Journal Magic -- Words into Wisdom

Journal Magic -- Words into Wisdom

New School Year

by Sue Meyn on 08/27/10

It's that magical time of year---when school begins. Here is a piece I wrote a few years ago that I'd like to share again. This year I've begun teaching a class at Phoenix College once again---but this time gratefully, it's online. I hope you'll add some of your own memories about school starting. Enjoy.

School Starts!

As I panted across the campus, lugging too many books, I felt the anticipation and excitement of a new class beginning.  It is hot here in Phoenix and does not seem at all like the fall beginnings I remember from my years in Pennsylvania. In spite of the heat I could feel that cellular knowing of going off to school for a new semester. 

Odd, I thought, as I looked around at students and they looked back.  I felt as though I was every age or any age, and maybe that’s how all of us perennial students feel. Were it not for glimpses of myself reflected in classroom windows, I would not have known that I was THIS age, so far from those early beginnings.   The joyfulness of being in school had grabbed me once again.

Most of my early conditioning came as a student who did diligence and went to high school, college and later graduate school.  This year I’m the teacher, and of course, student too, as I learn from each and every encounter with my class. I’ve taught enough now that I can jump into the joy and keep the beast of anxiety further away from my first class.  Best of all, this class is a two credit Journaling class offered in the well known Creative Writing Program at Phoenix College.  Could it get any better?

Yes.  That’s the short answer.  It DID get better. As each student entered the room I greeted them and welcomed them to our shared journey.  The vibes felt good as each talked about their hopes for the semester long class.  What a joyful and abundant experience it was to feel the open eyed resolution of these fine students.  No slackers here.  No one just looking for easy credits.  This is a group of people who want to grow, learn and deepen their understanding of themselves.  What a pleasure.

My hopes for this class are similar to my personal goals for myself---to reap more wisdom and operate always from love.  As we do that together we cannot help but touch higher realms and bring in more light to our lives.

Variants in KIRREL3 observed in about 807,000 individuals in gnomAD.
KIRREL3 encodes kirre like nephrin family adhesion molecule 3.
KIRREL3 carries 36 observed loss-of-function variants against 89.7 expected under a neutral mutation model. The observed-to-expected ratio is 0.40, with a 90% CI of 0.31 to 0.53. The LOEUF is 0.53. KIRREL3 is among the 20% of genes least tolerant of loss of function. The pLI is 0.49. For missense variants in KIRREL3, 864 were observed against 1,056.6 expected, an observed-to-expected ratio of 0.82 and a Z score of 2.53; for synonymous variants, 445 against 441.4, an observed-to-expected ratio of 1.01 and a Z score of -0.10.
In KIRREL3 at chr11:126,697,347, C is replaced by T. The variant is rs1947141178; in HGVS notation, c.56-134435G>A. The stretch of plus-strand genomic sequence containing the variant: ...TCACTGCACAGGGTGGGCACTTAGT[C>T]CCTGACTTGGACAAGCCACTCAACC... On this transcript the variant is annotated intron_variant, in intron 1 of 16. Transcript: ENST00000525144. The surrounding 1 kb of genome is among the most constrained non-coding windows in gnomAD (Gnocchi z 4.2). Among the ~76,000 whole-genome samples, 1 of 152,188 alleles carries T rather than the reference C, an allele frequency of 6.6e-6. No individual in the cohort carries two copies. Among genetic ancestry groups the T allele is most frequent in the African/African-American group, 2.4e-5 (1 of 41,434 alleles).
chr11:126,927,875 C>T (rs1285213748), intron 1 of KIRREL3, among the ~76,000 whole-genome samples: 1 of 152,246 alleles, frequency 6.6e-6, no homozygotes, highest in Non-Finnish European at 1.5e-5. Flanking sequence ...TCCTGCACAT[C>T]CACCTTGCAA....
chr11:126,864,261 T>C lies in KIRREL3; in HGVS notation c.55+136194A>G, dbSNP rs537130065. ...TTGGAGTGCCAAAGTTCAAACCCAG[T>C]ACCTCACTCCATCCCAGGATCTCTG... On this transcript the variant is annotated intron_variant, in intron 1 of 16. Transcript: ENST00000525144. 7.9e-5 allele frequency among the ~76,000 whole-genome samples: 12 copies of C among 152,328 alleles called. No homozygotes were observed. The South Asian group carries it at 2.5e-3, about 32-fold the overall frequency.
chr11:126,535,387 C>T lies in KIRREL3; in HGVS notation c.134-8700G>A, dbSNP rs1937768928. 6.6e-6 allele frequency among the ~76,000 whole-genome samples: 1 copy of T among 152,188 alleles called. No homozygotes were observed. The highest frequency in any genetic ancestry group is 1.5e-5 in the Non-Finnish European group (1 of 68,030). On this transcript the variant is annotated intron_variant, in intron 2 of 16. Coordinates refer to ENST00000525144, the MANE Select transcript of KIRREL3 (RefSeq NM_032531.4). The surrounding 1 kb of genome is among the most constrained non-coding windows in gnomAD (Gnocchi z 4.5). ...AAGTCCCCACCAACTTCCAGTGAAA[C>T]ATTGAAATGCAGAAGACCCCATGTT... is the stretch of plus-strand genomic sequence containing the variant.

Ahh, getting kind of romantic about this school stuff! Where are each of YOU with school, growth and greater learning?  A good journaling topic for sure!  What is your history with school?  Is there ONE beginning that you remember more than others? (I remember every fall at Bucknell, and the joy I felt each time I drove onto campus.)  Look at your learning goals….  What are they?  Is there something you are putting off that you really need to begin? 

School days are times we can all relate to---some times better than others.  It could be that a painful memory needs to be released.  Write about it and then burn the paper as a symbolic release.  That will leave more room for new success’, new discoveries, new school days.

One caution, when you are ready to head back to school, watch out how many books you pack and how far you park from the classroom.  YOU may not be as young as you think, either.   --Sue

Magic---it happens!

by Sue Meyn on 08/16/10

I believe that each of us carries a kind of 'magic' within. It's always been important to me to find my own magic---what I think of as my authentic nature---in order to be as good a version of myself as I can be. Writing in a journal, a safe space for me, has helped me get past the "monkey-mind" that chatters away inside me---and that seems to feed my self-doubt and fear. It's been such a relief to find this writing refuge---and so I encourage others to find it for themselves, too.

What I've discovered over the years of doing this writing is that as I deepen into my authentic nature in my journal I AM able to enter into the flow of my creative self. I have found the magic of self-support and inner wisdom. I call it magic because it just seems to slip itself in between the ramblings of an ordinary day. There will be a phrase or a feeling or a concept that surprises and delights me when it shows up on the page. Julia Cameron talks about it appearing within "Morning Pages" as is why, I believe, she insists that people write for three pages. As we do that our critic takes a break--and our wisdom has a chance to emerge.

Do you find 'magic' in your writing? What do you call it? How does it leave you feeling? Is it a little like a spiritual experience? Want to write about it---and share it here? Would love to hear your thoughts about this.

JournalMagic. It still works for me. In fact, I think it gets stronger each day. :-)

Majestic

by Sue Meyn on 08/13/10

I've been away---my most recent "excuse" for not posting. It was a wonderful trip to a most majestic place -- Alaska. We visited my daughter and her family who live there because her husband is career military.

Jenna treated Mike and me to a trip to Seward on the Great Alaskan Railroad. I have not yet learned how to post pictures here but when I do I'll add some of the majestic sites we saw. The mountains still have snow on them, and glaciers were tucked in between some of them, their light blue hue showing up even at a distance.

The train rumbled on at a wonderful pace, fast enough to get us there---and slow enough to take pictures and enjoy the truly awesome environment. We saw a bear, a moose, and a couple eagles along with the incredible vistas.

This was the best way to see Alaska that I can imagine--and Mike treated us to a domed car on the return trip, which turned magnificence into total glory. There are really only partially fitting words to describe the vistas we saw, and I'll add my recommendation that you go there---and experience it for yourself.